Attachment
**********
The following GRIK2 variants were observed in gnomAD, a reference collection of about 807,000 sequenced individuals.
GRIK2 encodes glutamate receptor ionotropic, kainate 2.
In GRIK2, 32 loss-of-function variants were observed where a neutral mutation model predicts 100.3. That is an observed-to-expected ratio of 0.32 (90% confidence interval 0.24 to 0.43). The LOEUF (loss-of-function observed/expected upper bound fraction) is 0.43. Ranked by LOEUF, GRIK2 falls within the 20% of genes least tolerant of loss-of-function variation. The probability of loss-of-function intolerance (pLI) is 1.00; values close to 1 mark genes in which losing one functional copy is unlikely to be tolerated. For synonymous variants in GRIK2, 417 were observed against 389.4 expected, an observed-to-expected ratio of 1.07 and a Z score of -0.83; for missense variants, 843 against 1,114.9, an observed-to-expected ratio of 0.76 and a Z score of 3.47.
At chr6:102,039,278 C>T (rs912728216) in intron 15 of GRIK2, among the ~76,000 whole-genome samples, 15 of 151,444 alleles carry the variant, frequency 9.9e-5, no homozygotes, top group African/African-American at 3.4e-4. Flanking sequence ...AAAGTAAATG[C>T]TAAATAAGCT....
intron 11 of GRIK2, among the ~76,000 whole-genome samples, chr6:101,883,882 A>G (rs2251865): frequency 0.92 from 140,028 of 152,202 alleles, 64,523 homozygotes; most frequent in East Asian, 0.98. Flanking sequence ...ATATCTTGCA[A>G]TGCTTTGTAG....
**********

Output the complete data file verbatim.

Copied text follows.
The following GRIK2 variants were observed in gnomAD, a reference collection of about 807,000 sequenced individuals.
GRIK2 encodes glutamate receptor ionotropic, kainate 2.
In GRIK2, 32 loss-of-function variants were observed where a neutral mutation model predicts 100.3. That is an observed-to-expected ratio of 0.32 (90% confidence interval 0.24 to 0.43). The LOEUF (loss-of-function observed/expected upper bound fraction) is 0.43. Ranked by LOEUF, GRIK2 falls within the 20% of genes least tolerant of loss-of-function variation. The probability of loss-of-function intolerance (pLI) is 1.00; values close to 1 mark genes in which losing one functional copy is unlikely to be tolerated. For synonymous variants in GRIK2, 417 were observed against 389.4 expected, an observed-to-expected ratio of 1.07 and a Z score of -0.83; for missense variants, 843 against 1,114.9, an observed-to-expected ratio of 0.76 and a Z score of 3.47.
At chr6:102,039,278 C>T (rs912728216) in intron 15 of GRIK2, among the ~76,000 whole-genome samples, 15 of 151,444 alleles carry the variant, frequency 9.9e-5, no homozygotes, top group African/African-American at 3.4e-4. Flanking sequence ...AAAGTAAATG[C>T]TAAATAAGCT....
intron 11 of GRIK2, among the ~76,000 whole-genome samples, chr6:101,883,882 A>G (rs2251865): frequency 0.92 from 140,028 of 152,202 alleles, 64,523 homozygotes; most frequent in East Asian, 0.98. Flanking sequence ...ATATCTTGCA[A>G]TGCTTTGTAG....